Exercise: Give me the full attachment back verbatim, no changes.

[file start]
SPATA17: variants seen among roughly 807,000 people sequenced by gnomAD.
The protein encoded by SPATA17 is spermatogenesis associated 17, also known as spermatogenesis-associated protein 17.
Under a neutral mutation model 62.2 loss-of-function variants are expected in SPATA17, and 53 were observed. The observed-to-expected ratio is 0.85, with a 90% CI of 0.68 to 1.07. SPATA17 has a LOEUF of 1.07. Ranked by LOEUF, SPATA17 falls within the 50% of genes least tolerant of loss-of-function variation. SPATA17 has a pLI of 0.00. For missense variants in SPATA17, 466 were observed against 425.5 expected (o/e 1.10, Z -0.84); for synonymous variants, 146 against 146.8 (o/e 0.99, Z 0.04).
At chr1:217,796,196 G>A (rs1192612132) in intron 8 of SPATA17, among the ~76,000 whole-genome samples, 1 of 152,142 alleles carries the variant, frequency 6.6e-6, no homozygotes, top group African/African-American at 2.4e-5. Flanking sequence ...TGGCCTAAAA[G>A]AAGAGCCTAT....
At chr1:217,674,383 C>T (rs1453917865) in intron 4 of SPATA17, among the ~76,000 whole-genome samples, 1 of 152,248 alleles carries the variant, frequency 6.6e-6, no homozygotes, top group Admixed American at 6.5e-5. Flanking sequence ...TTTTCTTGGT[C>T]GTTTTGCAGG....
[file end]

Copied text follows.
SPATA17: variants seen among roughly 807,000 people sequenced by gnomAD.
The protein encoded by SPATA17 is spermatogenesis associated 17, also known as spermatogenesis-associated protein 17.
Under a neutral mutation model 62.2 loss-of-function variants are expected in SPATA17, and 53 were observed. The observed-to-expected ratio is 0.85, with a 90% CI of 0.68 to 1.07. SPATA17 has a LOEUF of 1.07. Ranked by LOEUF, SPATA17 falls within the 50% of genes least tolerant of loss-of-function variation. SPATA17 has a pLI of 0.00. For missense variants in SPATA17, 466 were observed against 425.5 expected (o/e 1.10, Z -0.84); for synonymous variants, 146 against 146.8 (o/e 0.99, Z 0.04).
At chr1:217,796,196 G>A (rs1192612132) in intron 8 of SPATA17, among the ~76,000 whole-genome samples, 1 of 152,142 alleles carries the variant, frequency 6.6e-6, no homozygotes, top group African/African-American at 2.4e-5. Flanking sequence ...TGGCCTAAAA[G>A]AAGAGCCTAT....
At chr1:217,674,383 C>T (rs1453917865) in intron 4 of SPATA17, among the ~76,000 whole-genome samples, 1 of 152,248 alleles carries the variant, frequency 6.6e-6, no homozygotes, top group Admixed American at 6.5e-5. Flanking sequence ...TTTTCTTGGT[C>T]GTTTTGCAGG....